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New Method for Triggering and Imaging Seizures to Help Guide Epilepsy Surgery

By HospiMedica International staff writers
Posted on 13 Mar 2024
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Image: Overview of the seizure triggering electrodes and the brain reconstruction method (Photo courtesy of University Hospital of Bern)
Image: Overview of the seizure triggering electrodes and the brain reconstruction method (Photo courtesy of University Hospital of Bern)

Individuals experiencing epilepsy and seizures unmanageable with medication often find brain surgery beneficial. This procedure aims to excise the epileptic tissue while preserving healthy tissue, thus controlling seizures without inducing neurological damage. Accurately identifying the epileptic tissue is crucial for the success of such surgeries, and the acquisition of images during seizures can significantly enhance the precision of surgical planning. Traditionally, ictal SPECT has been the exclusive neuro-imaging technique capable of capturing seizures as they occur within the brain since the 1990s. Yet, the increasing demands on healthcare resources and time have led many epilepsy centers to forgo this informative method. A new approach for inducing and imaging seizures could now enable clinicians to obtain real-time insights for customizing epilepsy surgery more effectively.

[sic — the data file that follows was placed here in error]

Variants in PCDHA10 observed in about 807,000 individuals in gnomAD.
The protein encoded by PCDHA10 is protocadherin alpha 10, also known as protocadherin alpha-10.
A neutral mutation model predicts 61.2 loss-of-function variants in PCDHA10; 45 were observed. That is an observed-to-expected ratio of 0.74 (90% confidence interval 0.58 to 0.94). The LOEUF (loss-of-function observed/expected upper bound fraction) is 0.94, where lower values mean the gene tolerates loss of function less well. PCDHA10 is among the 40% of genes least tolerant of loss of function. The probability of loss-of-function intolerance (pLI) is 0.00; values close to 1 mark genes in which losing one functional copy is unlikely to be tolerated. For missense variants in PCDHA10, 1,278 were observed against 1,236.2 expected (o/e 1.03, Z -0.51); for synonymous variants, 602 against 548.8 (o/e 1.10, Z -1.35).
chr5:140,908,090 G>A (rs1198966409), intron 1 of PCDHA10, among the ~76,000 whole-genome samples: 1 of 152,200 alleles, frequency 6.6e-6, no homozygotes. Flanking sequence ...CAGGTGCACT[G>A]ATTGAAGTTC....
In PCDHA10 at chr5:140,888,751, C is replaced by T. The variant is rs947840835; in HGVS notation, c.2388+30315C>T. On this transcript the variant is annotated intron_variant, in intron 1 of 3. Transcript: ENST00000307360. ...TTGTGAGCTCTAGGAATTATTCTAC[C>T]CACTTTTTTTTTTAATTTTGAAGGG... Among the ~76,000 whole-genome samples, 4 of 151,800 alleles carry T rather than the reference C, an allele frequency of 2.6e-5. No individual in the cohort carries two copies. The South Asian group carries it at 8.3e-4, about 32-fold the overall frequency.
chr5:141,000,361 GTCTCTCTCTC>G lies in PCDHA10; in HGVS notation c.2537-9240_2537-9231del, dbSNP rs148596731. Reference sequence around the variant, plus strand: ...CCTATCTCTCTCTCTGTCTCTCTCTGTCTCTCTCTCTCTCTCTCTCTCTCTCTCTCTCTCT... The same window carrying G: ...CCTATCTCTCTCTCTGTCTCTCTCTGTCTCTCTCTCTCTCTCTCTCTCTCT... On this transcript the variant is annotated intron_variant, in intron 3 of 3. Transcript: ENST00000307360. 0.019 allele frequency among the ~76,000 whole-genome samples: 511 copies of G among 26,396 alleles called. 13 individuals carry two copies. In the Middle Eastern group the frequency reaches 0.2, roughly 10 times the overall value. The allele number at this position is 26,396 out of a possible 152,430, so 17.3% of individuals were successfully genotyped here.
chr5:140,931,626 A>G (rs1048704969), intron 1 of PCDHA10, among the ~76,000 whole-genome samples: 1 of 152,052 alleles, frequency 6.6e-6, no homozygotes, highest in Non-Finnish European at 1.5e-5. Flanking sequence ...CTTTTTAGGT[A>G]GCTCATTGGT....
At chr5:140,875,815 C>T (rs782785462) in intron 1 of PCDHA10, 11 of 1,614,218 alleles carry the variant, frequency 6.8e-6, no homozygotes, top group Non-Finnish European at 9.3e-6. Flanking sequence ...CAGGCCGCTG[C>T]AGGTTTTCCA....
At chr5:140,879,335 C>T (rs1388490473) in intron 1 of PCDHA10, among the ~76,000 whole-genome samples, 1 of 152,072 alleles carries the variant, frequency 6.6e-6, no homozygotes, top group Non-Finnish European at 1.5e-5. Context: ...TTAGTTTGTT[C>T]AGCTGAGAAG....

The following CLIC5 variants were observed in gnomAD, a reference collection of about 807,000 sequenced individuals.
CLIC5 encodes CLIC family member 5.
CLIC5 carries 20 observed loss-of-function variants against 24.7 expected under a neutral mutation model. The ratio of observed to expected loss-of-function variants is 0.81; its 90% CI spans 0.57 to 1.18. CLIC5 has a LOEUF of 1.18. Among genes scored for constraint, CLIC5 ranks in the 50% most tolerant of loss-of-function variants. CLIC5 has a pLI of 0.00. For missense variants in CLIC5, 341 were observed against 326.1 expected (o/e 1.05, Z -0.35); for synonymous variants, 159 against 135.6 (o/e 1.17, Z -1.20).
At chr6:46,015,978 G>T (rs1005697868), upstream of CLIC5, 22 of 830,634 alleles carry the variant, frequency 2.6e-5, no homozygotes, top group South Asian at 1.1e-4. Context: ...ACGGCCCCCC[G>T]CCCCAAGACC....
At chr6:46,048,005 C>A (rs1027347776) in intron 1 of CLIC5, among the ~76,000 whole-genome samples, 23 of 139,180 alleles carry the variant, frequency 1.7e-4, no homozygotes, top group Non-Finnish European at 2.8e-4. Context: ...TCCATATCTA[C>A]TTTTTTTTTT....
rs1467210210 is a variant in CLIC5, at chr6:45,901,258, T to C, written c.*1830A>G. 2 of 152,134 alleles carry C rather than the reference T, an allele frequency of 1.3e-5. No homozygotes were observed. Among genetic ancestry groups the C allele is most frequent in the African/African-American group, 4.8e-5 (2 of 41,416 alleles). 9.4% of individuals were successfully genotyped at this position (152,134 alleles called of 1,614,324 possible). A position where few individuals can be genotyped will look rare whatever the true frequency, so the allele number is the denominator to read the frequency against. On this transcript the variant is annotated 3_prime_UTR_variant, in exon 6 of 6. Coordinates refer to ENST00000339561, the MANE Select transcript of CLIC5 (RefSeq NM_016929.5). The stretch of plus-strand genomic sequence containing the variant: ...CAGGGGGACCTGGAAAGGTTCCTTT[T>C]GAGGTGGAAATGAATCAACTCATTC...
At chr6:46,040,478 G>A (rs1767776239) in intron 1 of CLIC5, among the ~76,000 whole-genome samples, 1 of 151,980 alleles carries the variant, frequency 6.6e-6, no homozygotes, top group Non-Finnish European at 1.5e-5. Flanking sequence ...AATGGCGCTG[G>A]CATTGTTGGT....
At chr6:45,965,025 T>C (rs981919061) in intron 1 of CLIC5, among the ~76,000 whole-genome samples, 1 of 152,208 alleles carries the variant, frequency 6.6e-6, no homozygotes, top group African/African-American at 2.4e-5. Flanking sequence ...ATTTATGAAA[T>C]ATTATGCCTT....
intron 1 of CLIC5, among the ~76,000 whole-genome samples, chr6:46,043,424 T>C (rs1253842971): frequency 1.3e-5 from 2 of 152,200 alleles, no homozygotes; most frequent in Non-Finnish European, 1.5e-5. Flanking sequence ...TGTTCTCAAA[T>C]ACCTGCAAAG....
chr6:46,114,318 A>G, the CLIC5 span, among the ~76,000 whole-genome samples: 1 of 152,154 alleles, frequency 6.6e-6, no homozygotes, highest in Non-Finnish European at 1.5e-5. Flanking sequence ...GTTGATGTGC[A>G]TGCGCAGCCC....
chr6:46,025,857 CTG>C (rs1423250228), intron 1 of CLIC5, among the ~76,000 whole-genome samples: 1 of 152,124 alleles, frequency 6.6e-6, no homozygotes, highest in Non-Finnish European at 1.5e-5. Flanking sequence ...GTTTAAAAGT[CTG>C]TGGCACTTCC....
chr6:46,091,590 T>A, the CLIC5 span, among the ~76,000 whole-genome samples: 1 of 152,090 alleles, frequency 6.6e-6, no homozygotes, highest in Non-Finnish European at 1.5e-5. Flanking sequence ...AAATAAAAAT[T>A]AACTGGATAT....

In comparison to the previous approach, where physicians from neurology and nuclear medicine waited for hours to days to capture the onset of a seizure, the new method developed by researchers at University Hospital of Bern (Bern, Switzerland), is more convenient, requires fewer resources, and is clinically feasible. In their study involving three adult subjects with left temporal lobe epilepsy, the researchers decided not to wait for spontaneous occurrences and instead imaged planned seizures that were triggered with targeted electrical stimulation to the brain. The research team employed stereotactic electroencephalography (sEEG) leads placed in specific brain regions to induce seizures characteristic of each patient. A radiotracer, 99mTc-HMPAO, was administered within 12 seconds of the seizure's start, with SPECT imaging following within 40 minutes.

The method successfully triggered seizures in all the participants, replicating each patient's typical seizure presentation and electrographic pattern observed through sEEG, without causing any adverse effects. The seizures induced were specific for each patient, with early seizure spread being uniquely imaged. In the first two cases, ictal SPECT provided additional insights beyond those offered by sEEG, highlighting the early involvement of brain regions lacking electrode coverage. In the third case, both sEEG and ictal SPECT provided overlapping information.

“The finding of this study is of practical nature, as it greatly facilitates the acquisition of the ictal SPECT,” said Thomas Pyka, MD, Privatdozent in the Department of Nuclear Medicine at the University Hospital of Bern. “This may help obtain images of greater quality and could contribute to the refinement of resection planning, improving seizure and cognitive outcomes in epilepsy surgery.”

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